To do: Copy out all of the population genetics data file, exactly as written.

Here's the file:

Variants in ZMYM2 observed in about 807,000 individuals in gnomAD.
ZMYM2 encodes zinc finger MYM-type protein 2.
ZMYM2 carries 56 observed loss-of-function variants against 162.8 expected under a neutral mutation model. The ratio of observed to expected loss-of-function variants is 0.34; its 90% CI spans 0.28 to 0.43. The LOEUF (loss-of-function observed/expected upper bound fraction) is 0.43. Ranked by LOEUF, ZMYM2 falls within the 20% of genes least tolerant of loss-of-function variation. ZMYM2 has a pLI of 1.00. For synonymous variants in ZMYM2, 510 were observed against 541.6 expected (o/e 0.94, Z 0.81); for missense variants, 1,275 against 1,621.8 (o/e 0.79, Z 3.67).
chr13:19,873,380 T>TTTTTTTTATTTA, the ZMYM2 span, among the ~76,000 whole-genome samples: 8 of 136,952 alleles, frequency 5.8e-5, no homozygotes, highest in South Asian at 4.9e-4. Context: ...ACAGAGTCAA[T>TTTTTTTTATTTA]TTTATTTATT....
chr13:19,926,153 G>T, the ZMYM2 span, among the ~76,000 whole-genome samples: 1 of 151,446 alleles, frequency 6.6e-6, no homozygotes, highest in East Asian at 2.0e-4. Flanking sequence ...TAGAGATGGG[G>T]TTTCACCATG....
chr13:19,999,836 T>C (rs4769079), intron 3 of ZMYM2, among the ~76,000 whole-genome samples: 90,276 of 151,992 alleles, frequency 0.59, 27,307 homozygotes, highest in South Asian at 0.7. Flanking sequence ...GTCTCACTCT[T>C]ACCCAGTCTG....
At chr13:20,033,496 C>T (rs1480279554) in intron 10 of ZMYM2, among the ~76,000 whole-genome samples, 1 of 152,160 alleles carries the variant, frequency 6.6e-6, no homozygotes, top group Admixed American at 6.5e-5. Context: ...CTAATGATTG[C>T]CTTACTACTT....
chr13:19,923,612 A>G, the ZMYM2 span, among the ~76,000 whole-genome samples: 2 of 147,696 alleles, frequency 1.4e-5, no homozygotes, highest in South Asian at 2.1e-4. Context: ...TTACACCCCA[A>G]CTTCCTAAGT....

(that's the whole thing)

Variants in ZMYM2 observed in about 807,000 individuals in gnomAD.
ZMYM2 encodes zinc finger MYM-type protein 2.
ZMYM2 carries 56 observed loss-of-function variants against 162.8 expected under a neutral mutation model. The ratio of observed to expected loss-of-function variants is 0.34; its 90% CI spans 0.28 to 0.43. The LOEUF (loss-of-function observed/expected upper bound fraction) is 0.43. Ranked by LOEUF, ZMYM2 falls within the 20% of genes least tolerant of loss-of-function variation. ZMYM2 has a pLI of 1.00. For synonymous variants in ZMYM2, 510 were observed against 541.6 expected (o/e 0.94, Z 0.81); for missense variants, 1,275 against 1,621.8 (o/e 0.79, Z 3.67).
chr13:19,873,380 T>TTTTTTTTATTTA, the ZMYM2 span, among the ~76,000 whole-genome samples: 8 of 136,952 alleles, frequency 5.8e-5, no homozygotes, highest in South Asian at 4.9e-4. Context: ...ACAGAGTCAA[T>TTTTTTTTATTTA]TTTATTTATT....
chr13:19,926,153 G>T, the ZMYM2 span, among the ~76,000 whole-genome samples: 1 of 151,446 alleles, frequency 6.6e-6, no homozygotes, highest in East Asian at 2.0e-4. Flanking sequence ...TAGAGATGGG[G>T]TTTCACCATG....
chr13:19,999,836 T>C (rs4769079), intron 3 of ZMYM2, among the ~76,000 whole-genome samples: 90,276 of 151,992 alleles, frequency 0.59, 27,307 homozygotes, highest in South Asian at 0.7. Flanking sequence ...GTCTCACTCT[T>C]ACCCAGTCTG....
At chr13:20,033,496 C>T (rs1480279554) in intron 10 of ZMYM2, among the ~76,000 whole-genome samples, 1 of 152,160 alleles carries the variant, frequency 6.6e-6, no homozygotes, top group Admixed American at 6.5e-5. Context: ...CTAATGATTG[C>T]CTTACTACTT....
chr13:19,923,612 A>G, the ZMYM2 span, among the ~76,000 whole-genome samples: 2 of 147,696 alleles, frequency 1.4e-5, no homozygotes, highest in South Asian at 2.1e-4. Context: ...TTACACCCCA[A>G]CTTCCTAAGT....